Nicki and Dani both grew up in Florida, moving to the New York area where they both went to law school. After renting in the East Village, Astoria, Ossining, and Long Island City, they bought a house in Bloomfield, NJ in November 2018. Both commute to NYC for work, Nicki to her midtown law firm, Dani to her sales job in Soho.

Why Bloomfield?

We’d visit friends who live in Bloomfield and we thought the town was cute. When my mother moved into our apartment with us, Dani and I decided it was time for more space. We chose this area for its proximity to Montclair, which was a town that had a lot going on. Coming from the city, we wanted to live somewhere that felt lively. 

What’s your favorite thing about living here?

It’s great to have outdoor space to entertain friends. Dani had wanted a backyard for a while and we even “renovated” our garage to be a hang-out space, which includes an inflatable hot tub! One of the very best things we did was, after a recent trip to Europe, bought ourselves each an electric scooter, which people ride constantly over there. It’s insanely fun to ride up and down Ridgewood Avenue, and we often scoot over to Rita’s Ices or to have breakfast at The Corner in Montclair. 

What was your buying experience like?

Even though our friends had recommended Lina as an agent, Dani actually discovered the house herself on Zillow, where she had, coincidentally, once worked. We went to an Open House and really loved the Bloomfield place, but it was more than we could afford, and we weren’t in a position to move so quickly. A few weeks later, we got in touch with Lina and she took us to a few houses in different towns so we could see the variety of what was available. They dropped the price on the first house and Lina counseled us on how to bid. Then she counseled us on everything else, including attending the home inspection and asking all the follow-up questions that we had no idea to ask. She was a great resource every step of the way, including after the sale when we had water in the basement. She actually came over on a Saturday during the holidays to help us figure out how to solve our problem.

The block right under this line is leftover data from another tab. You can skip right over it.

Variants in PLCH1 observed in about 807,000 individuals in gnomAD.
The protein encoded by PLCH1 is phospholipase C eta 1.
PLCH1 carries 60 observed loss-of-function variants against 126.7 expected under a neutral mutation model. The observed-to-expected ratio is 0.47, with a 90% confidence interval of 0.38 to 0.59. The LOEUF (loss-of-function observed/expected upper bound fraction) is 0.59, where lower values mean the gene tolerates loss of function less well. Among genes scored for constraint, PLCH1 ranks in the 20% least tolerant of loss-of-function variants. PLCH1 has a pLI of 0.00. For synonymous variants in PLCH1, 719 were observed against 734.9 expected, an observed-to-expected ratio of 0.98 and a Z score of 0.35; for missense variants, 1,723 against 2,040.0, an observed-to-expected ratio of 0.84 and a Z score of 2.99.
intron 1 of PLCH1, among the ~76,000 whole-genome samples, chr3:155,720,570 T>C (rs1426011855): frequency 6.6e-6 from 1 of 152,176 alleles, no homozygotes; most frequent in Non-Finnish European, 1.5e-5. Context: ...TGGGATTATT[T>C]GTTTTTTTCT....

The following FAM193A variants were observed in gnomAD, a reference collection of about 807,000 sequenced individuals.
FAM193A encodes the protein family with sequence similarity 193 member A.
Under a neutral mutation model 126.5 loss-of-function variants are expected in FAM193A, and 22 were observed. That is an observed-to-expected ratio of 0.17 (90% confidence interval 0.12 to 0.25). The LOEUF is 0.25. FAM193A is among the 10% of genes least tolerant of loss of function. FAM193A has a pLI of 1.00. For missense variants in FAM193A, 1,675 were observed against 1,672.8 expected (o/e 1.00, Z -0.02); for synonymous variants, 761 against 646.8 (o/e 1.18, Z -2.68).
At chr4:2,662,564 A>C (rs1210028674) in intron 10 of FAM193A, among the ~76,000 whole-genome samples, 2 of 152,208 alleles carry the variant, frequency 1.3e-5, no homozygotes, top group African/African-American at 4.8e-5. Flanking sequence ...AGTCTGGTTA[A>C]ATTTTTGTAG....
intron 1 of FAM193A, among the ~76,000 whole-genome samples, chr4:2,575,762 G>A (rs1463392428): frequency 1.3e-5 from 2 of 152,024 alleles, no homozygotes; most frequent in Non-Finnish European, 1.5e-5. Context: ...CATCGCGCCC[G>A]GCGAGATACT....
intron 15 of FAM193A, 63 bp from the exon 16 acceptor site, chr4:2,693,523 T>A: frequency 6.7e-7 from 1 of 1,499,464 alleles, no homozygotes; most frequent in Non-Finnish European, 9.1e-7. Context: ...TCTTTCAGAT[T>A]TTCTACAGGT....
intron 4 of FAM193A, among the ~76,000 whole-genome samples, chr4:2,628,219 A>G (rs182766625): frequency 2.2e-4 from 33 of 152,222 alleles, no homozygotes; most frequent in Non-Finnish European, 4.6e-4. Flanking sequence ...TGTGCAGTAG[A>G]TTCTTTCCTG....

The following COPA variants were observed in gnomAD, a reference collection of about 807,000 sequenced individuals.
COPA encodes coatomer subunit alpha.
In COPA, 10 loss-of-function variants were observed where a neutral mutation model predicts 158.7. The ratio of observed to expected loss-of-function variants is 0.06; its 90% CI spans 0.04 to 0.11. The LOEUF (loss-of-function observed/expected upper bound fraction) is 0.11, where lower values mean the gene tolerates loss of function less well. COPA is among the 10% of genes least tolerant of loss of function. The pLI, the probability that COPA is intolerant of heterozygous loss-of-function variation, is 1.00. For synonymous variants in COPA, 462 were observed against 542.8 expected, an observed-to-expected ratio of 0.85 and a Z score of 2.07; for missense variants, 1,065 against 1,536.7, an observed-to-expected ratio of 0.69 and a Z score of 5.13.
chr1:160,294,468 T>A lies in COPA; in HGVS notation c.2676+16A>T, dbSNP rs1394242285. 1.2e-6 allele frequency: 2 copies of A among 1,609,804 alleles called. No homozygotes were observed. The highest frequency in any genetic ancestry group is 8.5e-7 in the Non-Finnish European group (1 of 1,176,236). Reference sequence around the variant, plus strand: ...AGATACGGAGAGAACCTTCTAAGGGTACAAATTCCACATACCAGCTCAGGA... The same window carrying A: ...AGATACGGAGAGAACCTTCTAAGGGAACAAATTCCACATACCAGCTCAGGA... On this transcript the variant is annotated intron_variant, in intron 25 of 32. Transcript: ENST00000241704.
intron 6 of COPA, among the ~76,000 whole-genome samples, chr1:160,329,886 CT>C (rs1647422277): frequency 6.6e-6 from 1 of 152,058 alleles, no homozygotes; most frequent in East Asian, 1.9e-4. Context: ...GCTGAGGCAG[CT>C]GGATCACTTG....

What’s turned out better than you expected?

Getting to and from the city is easier than we thought. The bus is a few houses away. It’s a longer commute than from Long Island City, but we don’t mind it. A lot of our social life involves our city friends, so we’re often there, or our friends come here. If we’re out late, we don’t typically splurge on Ubers from the city. Instead, we figured out that if we miss that last bus, we can take a slightly later train to Secaucus and Uber from there, which is a lot cheaper. And if we’re driving, it’s so much quicker than Ossining (which was our “test suburb”). Here, we're close to New York, close to big box stores (which, I’m embarrassed to admit, is a plus!), and close to anything we want to do in Montclair. Our next purchase may be a guest scooter.

Don't Buy A House For Your Furniture

Not long ago, I showed a couple a house that was perfect in every way. Perfect size. Perfect location. Perfect price. They were visibly interested as they moved from room to room. When we got back in the car, I was waiting for one of them to ask what I thought they should offer. Instead, the woman said, “I don’t think this house is for me. My armoire isn’t going to fit.” 

I understand someone being attached to a piece of furniture with great sentimental value, but this wasn’t that. It was just a cabinet she’d bought to keep sweaters in.  

“Donate it,” I suggested. But to some, this is unthinkable.

Like most people, I love most of my furniture. But buying and selling houses reminds me that the real goal in house shopping is to find a home for you. Not your furniture.